You are Uniquely Capable?
You just have to find that thing that’s special about you that distinguishes you from all the others, and through true talent, hard work, and passion, anything can happen. Dr Dre
What are you good at? What are you uniquely great at? What is it you ‘get’ more than other people? This has become known in our cultures as a gift or talent and this is one of the five markers we will use to help you understand your true self and identify a path so that what you do next in life is in harmony with who you are.
A gift is a natural ability or talent. Synonyms include flair, aptitude, capacity, endowment, brilliance, dexterity, artistry.
Skills matter but for the purpose of digging deeper, I want to suggest that gifts and passions are of greater importance in you finding your ‘why?’
Skills are the ability to do something well. Synonyms include: Experience, readiness and know-how.
Either you have certain skills or you do not. It does not matter whether I am passionate about heart surgery. Without the skills and the permission of a senior cardiologist or the General Medical Council, it is unlikely they will allow me to operate. The same could be true of flying, quilting, joinery, or whatever else.
What is it you have gained skills in? This is likely to be through nurture rather than nature. You may have been on courses, read books, and performed a particular role under someone excellent at something and their know-how has rubbed off on you.
Skills are, however, less important in this book because they will not help you answer your deeper ‘why question’. Life Pivot is more about ‘why’ than ‘how’. Also, it is easier to acquire new skills than to change one’s nature.
Again, what do you do that comes so naturally, it annoys other people? What is it you do that feels effortless? What is it you have done in your life where your first attempt was probably better than another person’s fifth attempt? We are all the best at something.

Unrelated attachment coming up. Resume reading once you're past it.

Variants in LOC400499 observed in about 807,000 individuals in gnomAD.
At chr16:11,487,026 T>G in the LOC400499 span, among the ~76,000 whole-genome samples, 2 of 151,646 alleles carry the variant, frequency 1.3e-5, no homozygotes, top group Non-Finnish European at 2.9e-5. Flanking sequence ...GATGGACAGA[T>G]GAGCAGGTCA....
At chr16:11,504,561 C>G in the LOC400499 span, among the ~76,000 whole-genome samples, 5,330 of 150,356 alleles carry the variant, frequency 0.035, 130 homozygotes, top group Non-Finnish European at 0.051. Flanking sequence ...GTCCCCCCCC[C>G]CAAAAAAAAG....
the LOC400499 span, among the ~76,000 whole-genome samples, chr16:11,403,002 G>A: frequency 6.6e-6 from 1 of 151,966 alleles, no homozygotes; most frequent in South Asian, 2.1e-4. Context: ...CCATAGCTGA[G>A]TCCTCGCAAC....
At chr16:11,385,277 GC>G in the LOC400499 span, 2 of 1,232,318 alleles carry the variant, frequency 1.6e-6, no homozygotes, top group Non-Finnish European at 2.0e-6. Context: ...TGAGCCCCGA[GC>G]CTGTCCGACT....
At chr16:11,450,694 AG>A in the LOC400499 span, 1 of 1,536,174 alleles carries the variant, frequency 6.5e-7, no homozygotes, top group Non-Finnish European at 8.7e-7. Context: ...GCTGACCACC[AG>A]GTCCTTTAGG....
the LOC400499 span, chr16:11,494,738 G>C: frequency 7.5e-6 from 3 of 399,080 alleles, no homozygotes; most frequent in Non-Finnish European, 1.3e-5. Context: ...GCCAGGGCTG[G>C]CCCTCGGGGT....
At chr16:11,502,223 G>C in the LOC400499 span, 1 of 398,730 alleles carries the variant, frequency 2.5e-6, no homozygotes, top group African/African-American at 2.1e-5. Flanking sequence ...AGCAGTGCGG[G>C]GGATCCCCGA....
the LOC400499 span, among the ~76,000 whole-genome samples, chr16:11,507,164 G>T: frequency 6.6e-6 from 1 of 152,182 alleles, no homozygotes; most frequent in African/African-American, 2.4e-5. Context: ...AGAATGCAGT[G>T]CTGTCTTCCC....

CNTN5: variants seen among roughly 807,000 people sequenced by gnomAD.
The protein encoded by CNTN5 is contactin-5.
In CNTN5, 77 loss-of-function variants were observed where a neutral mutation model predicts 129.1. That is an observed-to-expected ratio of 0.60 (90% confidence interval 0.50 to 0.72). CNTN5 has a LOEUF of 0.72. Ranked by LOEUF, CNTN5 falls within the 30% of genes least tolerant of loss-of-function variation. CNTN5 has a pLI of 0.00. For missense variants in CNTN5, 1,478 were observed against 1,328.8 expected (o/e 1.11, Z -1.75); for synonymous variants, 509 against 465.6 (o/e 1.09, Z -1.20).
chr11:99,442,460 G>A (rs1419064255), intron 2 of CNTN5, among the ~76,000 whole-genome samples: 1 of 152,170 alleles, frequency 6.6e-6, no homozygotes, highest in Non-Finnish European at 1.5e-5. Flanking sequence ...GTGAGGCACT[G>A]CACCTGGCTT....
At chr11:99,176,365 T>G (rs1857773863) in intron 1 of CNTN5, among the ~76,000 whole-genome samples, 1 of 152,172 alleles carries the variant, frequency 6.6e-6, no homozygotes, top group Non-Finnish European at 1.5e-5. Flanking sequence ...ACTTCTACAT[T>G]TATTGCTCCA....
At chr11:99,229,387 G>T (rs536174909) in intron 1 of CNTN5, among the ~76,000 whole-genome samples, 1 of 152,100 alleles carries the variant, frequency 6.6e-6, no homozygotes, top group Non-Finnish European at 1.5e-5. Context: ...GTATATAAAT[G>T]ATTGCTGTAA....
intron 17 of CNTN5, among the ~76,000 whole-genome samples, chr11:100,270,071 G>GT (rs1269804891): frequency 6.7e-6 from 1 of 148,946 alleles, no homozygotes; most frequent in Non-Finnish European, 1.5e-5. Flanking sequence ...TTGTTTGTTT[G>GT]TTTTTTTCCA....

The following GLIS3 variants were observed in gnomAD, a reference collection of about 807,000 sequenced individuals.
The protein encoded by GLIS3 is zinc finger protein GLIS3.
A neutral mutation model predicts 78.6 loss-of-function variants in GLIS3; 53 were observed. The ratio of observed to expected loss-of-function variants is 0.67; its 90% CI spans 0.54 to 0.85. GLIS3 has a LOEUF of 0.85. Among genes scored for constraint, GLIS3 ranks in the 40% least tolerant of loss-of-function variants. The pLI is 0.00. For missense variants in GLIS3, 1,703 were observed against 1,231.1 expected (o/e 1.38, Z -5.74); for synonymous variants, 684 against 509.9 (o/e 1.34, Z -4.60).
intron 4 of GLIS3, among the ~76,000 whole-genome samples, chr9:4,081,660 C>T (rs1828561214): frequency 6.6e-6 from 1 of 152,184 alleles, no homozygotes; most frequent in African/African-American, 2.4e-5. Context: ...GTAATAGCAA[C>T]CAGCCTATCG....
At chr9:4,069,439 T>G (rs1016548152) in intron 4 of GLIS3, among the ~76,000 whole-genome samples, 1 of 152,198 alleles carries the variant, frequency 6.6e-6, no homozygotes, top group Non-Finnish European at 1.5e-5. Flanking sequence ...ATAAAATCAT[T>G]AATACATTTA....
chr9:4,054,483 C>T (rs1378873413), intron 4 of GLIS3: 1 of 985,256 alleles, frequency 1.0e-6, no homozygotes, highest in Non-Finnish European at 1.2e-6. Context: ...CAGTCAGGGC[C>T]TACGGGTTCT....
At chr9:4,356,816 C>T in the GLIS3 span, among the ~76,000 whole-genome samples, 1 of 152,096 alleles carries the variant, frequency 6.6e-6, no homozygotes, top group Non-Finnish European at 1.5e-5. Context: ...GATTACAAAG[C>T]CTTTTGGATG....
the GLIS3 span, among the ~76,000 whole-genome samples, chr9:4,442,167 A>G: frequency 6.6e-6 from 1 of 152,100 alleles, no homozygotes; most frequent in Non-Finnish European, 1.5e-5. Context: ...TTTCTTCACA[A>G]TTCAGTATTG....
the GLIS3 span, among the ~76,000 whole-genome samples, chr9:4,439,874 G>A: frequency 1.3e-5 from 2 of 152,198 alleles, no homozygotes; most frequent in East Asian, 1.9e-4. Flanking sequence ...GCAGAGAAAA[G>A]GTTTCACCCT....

The challenge in identifying your true gifts/brilliance is that there is a script we follow which comes from various places. We often answer this question based on what we think will gain us approval from those we respect rather than based on the raw, true, crisp version of ourselves.
This idea is set out in far more detail in a book ‘Falling Upward’, by Richard Rohr. In it, he states that in the first half of our lives we have a goal to survive successfully. This includes financial success, creating relationships, holidays, a house, family, etc. These ‘successes’ are things our culture approves of and as surely as night follows day, we replicate what those around us most celebrate. We do more of what gains others’ approval. Therefore, I suggest an honest answer to this question is harder than it first seems. We have so many filters through which certain ideas cannot get through.
This means many of the things you have become excellent at may differ from other gifts and talents in you that lie dormant waiting to be awakened.
Richard Rohr suggests in his book that the second half of life is less about what we do, but who we are becoming. It is about moving from success to significance and it is a search for significance and fruitfulness which emanates not from us performing well but from living out of our true heart. A different script and paradigm altogether.
History is full of examples of individuals who have lived one way thinking they were doing what they were good at until one day they had what can only be described as an epiphany moment. They suddenly experienced a moment where everything comes together and everything just works.
One such individual who found his ‘sweet spot’ is a man by the name of Ray Kroc who after World War One started selling paper cups and milkshake machines. He thought his gift was sales. It sort of was but sometime later he met the owners of a new type of restaurant who were making food quickly to be eaten outside of the restaurant and it fascinated him and could somehow understand how the factory-like efficiency could have a broad impact elsewhere. This man became the first CEO of McDonald’s which today boasts some 8000 restaurants worldwide. He was not the founder or creator but his gift (aged fifty-three) was his ability to spot the explosive trend and communicate that vision to would-be franchisees.